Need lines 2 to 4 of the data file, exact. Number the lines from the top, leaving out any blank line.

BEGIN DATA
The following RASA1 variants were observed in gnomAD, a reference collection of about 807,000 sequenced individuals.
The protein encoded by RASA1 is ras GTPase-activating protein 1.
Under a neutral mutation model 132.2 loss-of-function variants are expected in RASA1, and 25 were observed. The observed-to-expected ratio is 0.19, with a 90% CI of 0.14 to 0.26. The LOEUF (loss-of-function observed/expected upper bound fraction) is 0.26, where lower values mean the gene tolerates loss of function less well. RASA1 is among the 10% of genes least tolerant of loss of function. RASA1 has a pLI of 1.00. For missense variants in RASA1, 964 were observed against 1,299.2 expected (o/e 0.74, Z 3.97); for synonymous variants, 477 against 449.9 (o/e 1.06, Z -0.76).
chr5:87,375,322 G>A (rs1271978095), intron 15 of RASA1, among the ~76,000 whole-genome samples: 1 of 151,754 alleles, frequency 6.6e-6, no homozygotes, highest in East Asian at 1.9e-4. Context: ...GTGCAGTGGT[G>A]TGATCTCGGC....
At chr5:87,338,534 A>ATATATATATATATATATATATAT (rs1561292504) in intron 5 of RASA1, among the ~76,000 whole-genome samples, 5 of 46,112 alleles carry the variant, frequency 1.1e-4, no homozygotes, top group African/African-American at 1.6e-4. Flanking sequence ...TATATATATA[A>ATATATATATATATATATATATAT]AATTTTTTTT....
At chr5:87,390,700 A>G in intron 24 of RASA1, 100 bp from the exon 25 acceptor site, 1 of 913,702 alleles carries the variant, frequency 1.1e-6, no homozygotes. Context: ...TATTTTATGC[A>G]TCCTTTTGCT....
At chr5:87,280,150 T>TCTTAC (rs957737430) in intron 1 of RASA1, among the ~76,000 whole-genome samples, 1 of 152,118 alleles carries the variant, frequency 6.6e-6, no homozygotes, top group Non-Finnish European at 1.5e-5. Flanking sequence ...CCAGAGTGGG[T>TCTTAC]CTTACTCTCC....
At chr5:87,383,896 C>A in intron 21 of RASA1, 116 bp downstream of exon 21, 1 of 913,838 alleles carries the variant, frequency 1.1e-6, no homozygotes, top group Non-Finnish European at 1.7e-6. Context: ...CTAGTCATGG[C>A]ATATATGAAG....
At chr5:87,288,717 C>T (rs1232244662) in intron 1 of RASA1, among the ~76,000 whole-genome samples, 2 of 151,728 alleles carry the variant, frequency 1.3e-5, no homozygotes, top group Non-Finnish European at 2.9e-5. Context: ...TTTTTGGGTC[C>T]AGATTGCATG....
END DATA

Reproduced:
The protein encoded by RASA1 is ras GTPase-activating protein 1.
Under a neutral mutation model 132.2 loss-of-function variants are expected in RASA1, and 25 were observed. The observed-to-expected ratio is 0.19, with a 90% CI of 0.14 to 0.26. The LOEUF (loss-of-function observed/expected upper bound fraction) is 0.26, where lower values mean the gene tolerates loss of function less well. RASA1 is among the 10% of genes least tolerant of loss of function. RASA1 has a pLI of 1.00. For missense variants in RASA1, 964 were observed against 1,299.2 expected (o/e 0.74, Z 3.97); for synonymous variants, 477 against 449.9 (o/e 1.06, Z -0.76).
chr5:87,375,322 G>A (rs1271978095), intron 15 of RASA1, among the ~76,000 whole-genome samples: 1 of 151,754 alleles, frequency 6.6e-6, no homozygotes, highest in East Asian at 1.9e-4. Context: ...GTGCAGTGGT[G>A]TGATCTCGGC....